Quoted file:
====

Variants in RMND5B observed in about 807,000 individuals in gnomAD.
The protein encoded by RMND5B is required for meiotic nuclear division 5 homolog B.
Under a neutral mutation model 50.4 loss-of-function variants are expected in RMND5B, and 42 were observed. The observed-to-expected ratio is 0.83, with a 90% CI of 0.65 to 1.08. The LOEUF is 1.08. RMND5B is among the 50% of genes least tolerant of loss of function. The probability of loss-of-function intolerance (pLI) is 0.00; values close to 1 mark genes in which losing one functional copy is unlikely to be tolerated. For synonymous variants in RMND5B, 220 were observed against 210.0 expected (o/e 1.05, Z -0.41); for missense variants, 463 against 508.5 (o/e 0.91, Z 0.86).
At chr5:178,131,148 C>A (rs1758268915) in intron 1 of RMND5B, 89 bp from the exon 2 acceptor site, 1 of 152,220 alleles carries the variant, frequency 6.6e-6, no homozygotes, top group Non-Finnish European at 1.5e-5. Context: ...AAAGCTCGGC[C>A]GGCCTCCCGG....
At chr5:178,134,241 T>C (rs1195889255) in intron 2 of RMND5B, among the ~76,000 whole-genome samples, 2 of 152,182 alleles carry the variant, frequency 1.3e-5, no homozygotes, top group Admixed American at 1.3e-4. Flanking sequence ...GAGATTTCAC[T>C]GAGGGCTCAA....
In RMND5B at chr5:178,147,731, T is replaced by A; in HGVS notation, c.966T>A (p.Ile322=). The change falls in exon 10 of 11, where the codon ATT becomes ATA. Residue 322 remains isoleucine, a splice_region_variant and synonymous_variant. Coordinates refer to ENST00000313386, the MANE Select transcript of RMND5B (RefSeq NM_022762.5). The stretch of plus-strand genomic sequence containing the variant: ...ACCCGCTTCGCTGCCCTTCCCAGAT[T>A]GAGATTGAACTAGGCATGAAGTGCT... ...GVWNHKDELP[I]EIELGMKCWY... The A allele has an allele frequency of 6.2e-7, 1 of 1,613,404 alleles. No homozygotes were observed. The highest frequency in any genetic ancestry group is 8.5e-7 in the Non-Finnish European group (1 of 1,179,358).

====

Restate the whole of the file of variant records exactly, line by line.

Variants in RMND5B observed in about 807,000 individuals in gnomAD.
The protein encoded by RMND5B is required for meiotic nuclear division 5 homolog B.
Under a neutral mutation model 50.4 loss-of-function variants are expected in RMND5B, and 42 were observed. The observed-to-expected ratio is 0.83, with a 90% CI of 0.65 to 1.08. The LOEUF is 1.08. RMND5B is among the 50% of genes least tolerant of loss of function. The probability of loss-of-function intolerance (pLI) is 0.00; values close to 1 mark genes in which losing one functional copy is unlikely to be tolerated. For synonymous variants in RMND5B, 220 were observed against 210.0 expected (o/e 1.05, Z -0.41); for missense variants, 463 against 508.5 (o/e 0.91, Z 0.86).
At chr5:178,131,148 C>A (rs1758268915) in intron 1 of RMND5B, 89 bp from the exon 2 acceptor site, 1 of 152,220 alleles carries the variant, frequency 6.6e-6, no homozygotes, top group Non-Finnish European at 1.5e-5. Context: ...AAAGCTCGGC[C>A]GGCCTCCCGG....
At chr5:178,134,241 T>C (rs1195889255) in intron 2 of RMND5B, among the ~76,000 whole-genome samples, 2 of 152,182 alleles carry the variant, frequency 1.3e-5, no homozygotes, top group Admixed American at 1.3e-4. Flanking sequence ...GAGATTTCAC[T>C]GAGGGCTCAA....
In RMND5B at chr5:178,147,731, T is replaced by A; in HGVS notation, c.966T>A (p.Ile322=). The change falls in exon 10 of 11, where the codon ATT becomes ATA. Residue 322 remains isoleucine, a splice_region_variant and synonymous_variant. Coordinates refer to ENST00000313386, the MANE Select transcript of RMND5B (RefSeq NM_022762.5). The stretch of plus-strand genomic sequence containing the variant: ...ACCCGCTTCGCTGCCCTTCCCAGAT[T>A]GAGATTGAACTAGGCATGAAGTGCT... ...GVWNHKDELP[I]EIELGMKCWY... The A allele has an allele frequency of 6.2e-7, 1 of 1,613,404 alleles. No homozygotes were observed. The highest frequency in any genetic ancestry group is 8.5e-7 in the Non-Finnish European group (1 of 1,179,358).